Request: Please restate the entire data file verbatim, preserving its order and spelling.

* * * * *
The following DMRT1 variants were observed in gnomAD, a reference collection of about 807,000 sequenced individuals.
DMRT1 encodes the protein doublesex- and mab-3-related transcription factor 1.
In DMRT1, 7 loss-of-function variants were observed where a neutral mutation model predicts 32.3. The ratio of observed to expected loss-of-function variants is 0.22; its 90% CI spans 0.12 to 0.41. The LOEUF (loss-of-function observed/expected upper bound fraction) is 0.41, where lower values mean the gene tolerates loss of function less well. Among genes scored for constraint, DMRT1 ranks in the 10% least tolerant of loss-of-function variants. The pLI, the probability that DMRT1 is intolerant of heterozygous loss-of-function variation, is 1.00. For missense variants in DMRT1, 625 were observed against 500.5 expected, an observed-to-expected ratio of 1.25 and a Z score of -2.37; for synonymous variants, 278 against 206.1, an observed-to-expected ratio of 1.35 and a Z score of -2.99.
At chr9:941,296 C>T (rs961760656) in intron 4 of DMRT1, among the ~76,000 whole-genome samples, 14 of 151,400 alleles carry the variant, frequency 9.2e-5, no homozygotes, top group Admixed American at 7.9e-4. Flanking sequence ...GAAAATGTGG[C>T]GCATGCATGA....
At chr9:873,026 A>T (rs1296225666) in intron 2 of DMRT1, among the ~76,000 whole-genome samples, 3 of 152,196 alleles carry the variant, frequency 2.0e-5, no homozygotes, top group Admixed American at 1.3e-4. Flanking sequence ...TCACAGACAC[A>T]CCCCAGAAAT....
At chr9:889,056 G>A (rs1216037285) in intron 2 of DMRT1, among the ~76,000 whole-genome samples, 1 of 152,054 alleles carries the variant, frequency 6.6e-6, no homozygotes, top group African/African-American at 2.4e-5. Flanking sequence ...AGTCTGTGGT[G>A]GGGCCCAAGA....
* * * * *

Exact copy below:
The following DMRT1 variants were observed in gnomAD, a reference collection of about 807,000 sequenced individuals.
DMRT1 encodes the protein doublesex- and mab-3-related transcription factor 1.
In DMRT1, 7 loss-of-function variants were observed where a neutral mutation model predicts 32.3. The ratio of observed to expected loss-of-function variants is 0.22; its 90% CI spans 0.12 to 0.41. The LOEUF (loss-of-function observed/expected upper bound fraction) is 0.41, where lower values mean the gene tolerates loss of function less well. Among genes scored for constraint, DMRT1 ranks in the 10% least tolerant of loss-of-function variants. The pLI, the probability that DMRT1 is intolerant of heterozygous loss-of-function variation, is 1.00. For missense variants in DMRT1, 625 were observed against 500.5 expected, an observed-to-expected ratio of 1.25 and a Z score of -2.37; for synonymous variants, 278 against 206.1, an observed-to-expected ratio of 1.35 and a Z score of -2.99.
At chr9:941,296 C>T (rs961760656) in intron 4 of DMRT1, among the ~76,000 whole-genome samples, 14 of 151,400 alleles carry the variant, frequency 9.2e-5, no homozygotes, top group Admixed American at 7.9e-4. Flanking sequence ...GAAAATGTGG[C>T]GCATGCATGA....
At chr9:873,026 A>T (rs1296225666) in intron 2 of DMRT1, among the ~76,000 whole-genome samples, 3 of 152,196 alleles carry the variant, frequency 2.0e-5, no homozygotes, top group Admixed American at 1.3e-4. Flanking sequence ...TCACAGACAC[A>T]CCCCAGAAAT....
At chr9:889,056 G>A (rs1216037285) in intron 2 of DMRT1, among the ~76,000 whole-genome samples, 1 of 152,054 alleles carries the variant, frequency 6.6e-6, no homozygotes, top group African/African-American at 2.4e-5. Flanking sequence ...AGTCTGTGGT[G>A]GGGCCCAAGA....